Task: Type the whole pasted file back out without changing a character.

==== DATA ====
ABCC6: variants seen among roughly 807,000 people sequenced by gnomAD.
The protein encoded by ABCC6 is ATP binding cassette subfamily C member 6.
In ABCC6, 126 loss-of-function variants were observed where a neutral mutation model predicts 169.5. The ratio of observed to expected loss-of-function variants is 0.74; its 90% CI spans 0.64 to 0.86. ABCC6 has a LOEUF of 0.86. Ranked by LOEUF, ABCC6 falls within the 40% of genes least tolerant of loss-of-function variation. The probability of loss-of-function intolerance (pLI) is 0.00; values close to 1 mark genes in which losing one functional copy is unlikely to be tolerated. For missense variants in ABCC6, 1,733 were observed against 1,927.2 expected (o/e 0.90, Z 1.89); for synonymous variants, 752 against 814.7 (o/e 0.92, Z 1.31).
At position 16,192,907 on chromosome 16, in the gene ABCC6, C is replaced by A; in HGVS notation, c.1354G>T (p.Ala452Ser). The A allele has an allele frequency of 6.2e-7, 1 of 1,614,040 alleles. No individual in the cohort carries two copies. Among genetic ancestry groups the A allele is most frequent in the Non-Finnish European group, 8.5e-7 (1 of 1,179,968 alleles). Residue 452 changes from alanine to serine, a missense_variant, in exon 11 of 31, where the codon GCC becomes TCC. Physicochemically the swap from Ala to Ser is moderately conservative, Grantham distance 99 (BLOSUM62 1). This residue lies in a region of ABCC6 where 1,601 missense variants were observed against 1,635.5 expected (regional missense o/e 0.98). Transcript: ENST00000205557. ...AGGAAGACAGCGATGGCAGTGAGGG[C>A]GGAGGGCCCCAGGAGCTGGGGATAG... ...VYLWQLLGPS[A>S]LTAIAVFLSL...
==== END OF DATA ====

ABCC6: variants seen among roughly 807,000 people sequenced by gnomAD.
The protein encoded by ABCC6 is ATP binding cassette subfamily C member 6.
In ABCC6, 126 loss-of-function variants were observed where a neutral mutation model predicts 169.5. The ratio of observed to expected loss-of-function variants is 0.74; its 90% CI spans 0.64 to 0.86. ABCC6 has a LOEUF of 0.86. Ranked by LOEUF, ABCC6 falls within the 40% of genes least tolerant of loss-of-function variation. The probability of loss-of-function intolerance (pLI) is 0.00; values close to 1 mark genes in which losing one functional copy is unlikely to be tolerated. For missense variants in ABCC6, 1,733 were observed against 1,927.2 expected (o/e 0.90, Z 1.89); for synonymous variants, 752 against 814.7 (o/e 0.92, Z 1.31).
At position 16,192,907 on chromosome 16, in the gene ABCC6, C is replaced by A; in HGVS notation, c.1354G>T (p.Ala452Ser). The A allele has an allele frequency of 6.2e-7, 1 of 1,614,040 alleles. No individual in the cohort carries two copies. Among genetic ancestry groups the A allele is most frequent in the Non-Finnish European group, 8.5e-7 (1 of 1,179,968 alleles). Residue 452 changes from alanine to serine, a missense_variant, in exon 11 of 31, where the codon GCC becomes TCC. Physicochemically the swap from Ala to Ser is moderately conservative, Grantham distance 99 (BLOSUM62 1). This residue lies in a region of ABCC6 where 1,601 missense variants were observed against 1,635.5 expected (regional missense o/e 0.98). Transcript: ENST00000205557. ...AGGAAGACAGCGATGGCAGTGAGGG[C>A]GGAGGGCCCCAGGAGCTGGGGATAG... ...VYLWQLLGPS[A>S]LTAIAVFLSL...